Connect to share and comment

Disaster Japan meets the global economy

Japan's market tumbles, the BOJ acts. Here's what you need to know.

Japan tsunami cars economy 2011 03 13Enlarge
In a picture taken March 12, 2011, tsunami-damaged vehicles that were parked for export are piled at a port in Ibaraki prefecture, Japan. (Yomiuri Shimbun/AFP/Getty Images)

BOSTON — Let's be perfectly clear: the multiple disasters hitting Japan are, above all, a human tragedy.

Thousands of people are confirmed dead, and that toll is rising. Many thousands more are displaced and there are few in this island nation of 126 million people who have not been directly or indirectly touched by the one-two-three punch of earthquake, tsunami and nuclear meltdown.

This is an ongoing story about people and their lives.

So please keep that in mind as you read all the coming analysis (such as this story) of what the past few horrific days in Japan — and what's yet to come — might mean for the global economy and markets.

That said, an event of this magnitude will undoubtedly have an impact — not only for the victims and their families across Japan — but for the world economy. That's because, for all its recent problems, the Japanese economy is still the world's third-largest (behind China and the United States, but ahead of Germany).

Its GDP per capita of $34,200 places Japan ahead of France, the European Union, Israel and about 200 other countries.

Japan remains a powerhouse of innovation, Tokyo is a key global financial markets hub, while Japanese firms have market-leading positions in highly competitive global industries ranging from consumer electronics (Sony, Nintendo, etc.), to automotive (Toyota, Honda, etc.), to computers and semiconductors (Fujitsu, NEC, etc.)

But its seems Mother Nature is cruel, indeed. Or maybe she's got a sick sense of humor when it comes to economics because to target Japan, right now and with such destructive force, is one of the worst things that could have happened to the global economy.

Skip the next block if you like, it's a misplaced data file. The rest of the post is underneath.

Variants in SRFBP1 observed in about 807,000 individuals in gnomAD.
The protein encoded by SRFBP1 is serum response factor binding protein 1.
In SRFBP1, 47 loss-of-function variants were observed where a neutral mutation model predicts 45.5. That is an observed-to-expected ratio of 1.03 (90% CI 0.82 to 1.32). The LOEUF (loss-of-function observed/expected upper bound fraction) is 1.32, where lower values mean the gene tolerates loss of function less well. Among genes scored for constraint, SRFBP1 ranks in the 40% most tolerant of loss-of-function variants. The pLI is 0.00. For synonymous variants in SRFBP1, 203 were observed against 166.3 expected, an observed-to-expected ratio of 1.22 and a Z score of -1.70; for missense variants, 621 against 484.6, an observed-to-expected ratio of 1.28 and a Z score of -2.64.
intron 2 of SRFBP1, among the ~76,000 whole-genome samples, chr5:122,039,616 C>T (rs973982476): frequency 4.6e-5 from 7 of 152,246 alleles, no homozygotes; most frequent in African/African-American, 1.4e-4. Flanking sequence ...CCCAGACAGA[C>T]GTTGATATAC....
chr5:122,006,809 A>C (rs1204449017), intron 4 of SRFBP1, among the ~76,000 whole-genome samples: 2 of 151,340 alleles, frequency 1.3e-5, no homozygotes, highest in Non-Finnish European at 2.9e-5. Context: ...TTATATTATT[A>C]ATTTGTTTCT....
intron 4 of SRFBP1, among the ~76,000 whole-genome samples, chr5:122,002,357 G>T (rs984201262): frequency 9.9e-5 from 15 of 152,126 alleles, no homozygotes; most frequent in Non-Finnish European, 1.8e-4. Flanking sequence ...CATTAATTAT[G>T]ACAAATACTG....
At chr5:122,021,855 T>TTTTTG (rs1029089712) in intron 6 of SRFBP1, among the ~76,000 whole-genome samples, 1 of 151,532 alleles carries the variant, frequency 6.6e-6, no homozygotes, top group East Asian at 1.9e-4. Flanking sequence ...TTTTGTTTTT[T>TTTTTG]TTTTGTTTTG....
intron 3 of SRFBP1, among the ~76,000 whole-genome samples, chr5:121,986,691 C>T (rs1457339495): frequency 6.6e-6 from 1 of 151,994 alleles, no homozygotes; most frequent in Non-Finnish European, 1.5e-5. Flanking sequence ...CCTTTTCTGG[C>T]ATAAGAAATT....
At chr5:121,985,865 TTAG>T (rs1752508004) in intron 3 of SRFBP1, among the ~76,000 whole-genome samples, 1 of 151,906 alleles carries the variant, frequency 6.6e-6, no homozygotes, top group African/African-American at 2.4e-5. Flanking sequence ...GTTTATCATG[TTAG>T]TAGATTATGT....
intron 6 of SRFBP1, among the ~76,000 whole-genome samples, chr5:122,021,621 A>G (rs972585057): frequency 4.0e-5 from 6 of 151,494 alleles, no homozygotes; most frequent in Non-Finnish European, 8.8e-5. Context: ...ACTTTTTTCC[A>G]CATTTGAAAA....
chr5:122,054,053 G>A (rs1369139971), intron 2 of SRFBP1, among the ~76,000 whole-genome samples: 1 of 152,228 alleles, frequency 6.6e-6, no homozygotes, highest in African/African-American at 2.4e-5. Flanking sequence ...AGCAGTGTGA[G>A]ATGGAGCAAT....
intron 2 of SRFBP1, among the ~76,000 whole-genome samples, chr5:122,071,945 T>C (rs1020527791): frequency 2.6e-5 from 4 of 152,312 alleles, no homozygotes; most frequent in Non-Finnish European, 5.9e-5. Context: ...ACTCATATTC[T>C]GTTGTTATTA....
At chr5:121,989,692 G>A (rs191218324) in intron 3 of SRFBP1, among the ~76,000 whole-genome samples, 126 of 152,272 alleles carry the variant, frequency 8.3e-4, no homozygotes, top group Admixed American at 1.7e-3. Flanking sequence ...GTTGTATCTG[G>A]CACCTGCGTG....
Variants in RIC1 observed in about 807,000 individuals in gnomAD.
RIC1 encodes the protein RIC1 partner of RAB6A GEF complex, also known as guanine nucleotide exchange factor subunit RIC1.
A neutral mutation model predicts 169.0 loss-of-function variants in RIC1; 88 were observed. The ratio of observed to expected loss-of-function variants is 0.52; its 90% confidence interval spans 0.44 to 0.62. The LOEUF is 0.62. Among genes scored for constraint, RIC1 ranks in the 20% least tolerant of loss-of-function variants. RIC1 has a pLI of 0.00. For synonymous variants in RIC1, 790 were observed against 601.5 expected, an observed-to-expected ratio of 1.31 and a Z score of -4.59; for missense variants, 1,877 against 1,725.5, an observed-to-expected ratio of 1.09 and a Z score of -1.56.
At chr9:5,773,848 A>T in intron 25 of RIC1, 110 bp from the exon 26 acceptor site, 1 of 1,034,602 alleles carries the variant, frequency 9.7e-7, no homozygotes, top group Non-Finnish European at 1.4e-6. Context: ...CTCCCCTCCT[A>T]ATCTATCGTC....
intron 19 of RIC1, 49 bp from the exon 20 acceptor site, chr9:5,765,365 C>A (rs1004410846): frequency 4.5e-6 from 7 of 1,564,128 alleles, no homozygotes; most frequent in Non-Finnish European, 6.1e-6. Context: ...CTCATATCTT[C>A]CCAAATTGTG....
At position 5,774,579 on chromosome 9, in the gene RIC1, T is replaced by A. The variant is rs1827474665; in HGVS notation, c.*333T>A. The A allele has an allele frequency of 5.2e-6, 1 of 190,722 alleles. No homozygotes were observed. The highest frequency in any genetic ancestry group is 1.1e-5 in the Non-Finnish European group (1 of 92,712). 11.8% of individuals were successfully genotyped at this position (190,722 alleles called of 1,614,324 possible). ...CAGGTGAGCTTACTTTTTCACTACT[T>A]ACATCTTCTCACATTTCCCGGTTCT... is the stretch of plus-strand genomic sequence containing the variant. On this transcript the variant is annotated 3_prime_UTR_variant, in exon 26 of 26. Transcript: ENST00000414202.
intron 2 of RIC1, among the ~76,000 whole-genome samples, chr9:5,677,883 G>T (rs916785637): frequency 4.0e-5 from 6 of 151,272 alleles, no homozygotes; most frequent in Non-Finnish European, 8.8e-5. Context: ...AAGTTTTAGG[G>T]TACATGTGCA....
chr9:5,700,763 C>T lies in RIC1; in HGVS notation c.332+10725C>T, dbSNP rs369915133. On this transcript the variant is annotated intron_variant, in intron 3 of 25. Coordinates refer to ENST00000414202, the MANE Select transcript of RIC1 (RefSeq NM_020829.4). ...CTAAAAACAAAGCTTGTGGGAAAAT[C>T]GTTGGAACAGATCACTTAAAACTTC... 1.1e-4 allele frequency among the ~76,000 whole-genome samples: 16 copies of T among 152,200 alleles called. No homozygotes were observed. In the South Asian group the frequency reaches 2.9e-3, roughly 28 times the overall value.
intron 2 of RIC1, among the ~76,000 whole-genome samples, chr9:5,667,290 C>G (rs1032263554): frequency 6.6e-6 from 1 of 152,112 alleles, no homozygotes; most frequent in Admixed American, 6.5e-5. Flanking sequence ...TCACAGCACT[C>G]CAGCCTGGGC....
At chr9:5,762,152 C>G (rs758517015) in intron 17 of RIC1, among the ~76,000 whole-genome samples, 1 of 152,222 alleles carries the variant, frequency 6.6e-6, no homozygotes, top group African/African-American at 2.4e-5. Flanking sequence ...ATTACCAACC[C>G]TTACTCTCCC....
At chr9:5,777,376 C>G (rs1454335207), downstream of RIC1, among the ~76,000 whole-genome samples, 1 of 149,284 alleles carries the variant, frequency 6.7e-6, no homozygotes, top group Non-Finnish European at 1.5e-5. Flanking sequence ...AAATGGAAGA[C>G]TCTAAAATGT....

Here's why:

Japan's large economy is already in a fragile state. Following decades of anemic growth, government spending did finally help pull the country out of recession in 2009 and 2010, though it was showing signs of weakness even before last week's disasters. A shock like this won't help.

Already, Japanese automakers are reporting immediate problems.

The tsunami damaged 1,300 Nissans headed for the United States. A Toyota plant in quake ravaged Miyagi prefecture was the company's first new plant in Japan in 18 years. The plant was scheduled in April to begin supplying the Japanese and North American markets with Corollas.

Meanwhile, Honda, Nissan and Toyota are temporarily halting all production in Japan, beginning Monday. The shutdown will reportedly cost Honda 4,000 vehicles per day.

Electronics giants Sony and Toshiba are also halting production at factories in the north.

On a structural level, Japan's fiscal picture isn't very promising, either. That's because Tokyo's government is the proud owner of the world's second largest public debt (after Zimbabwe).

The pile of yen owed to others is currently more than 200 percent of Japan's $5.3 trillion GDP. By that measure Japan's public finances are worse than Greece, Iceland, Italy, Belgium, Ireland, France and other countries currently starring in Europe's debt crisis. It's also twice as bad as Sudan's debt problems, three times more than Egypt's current debt and four times larger than debt woes in the U.S.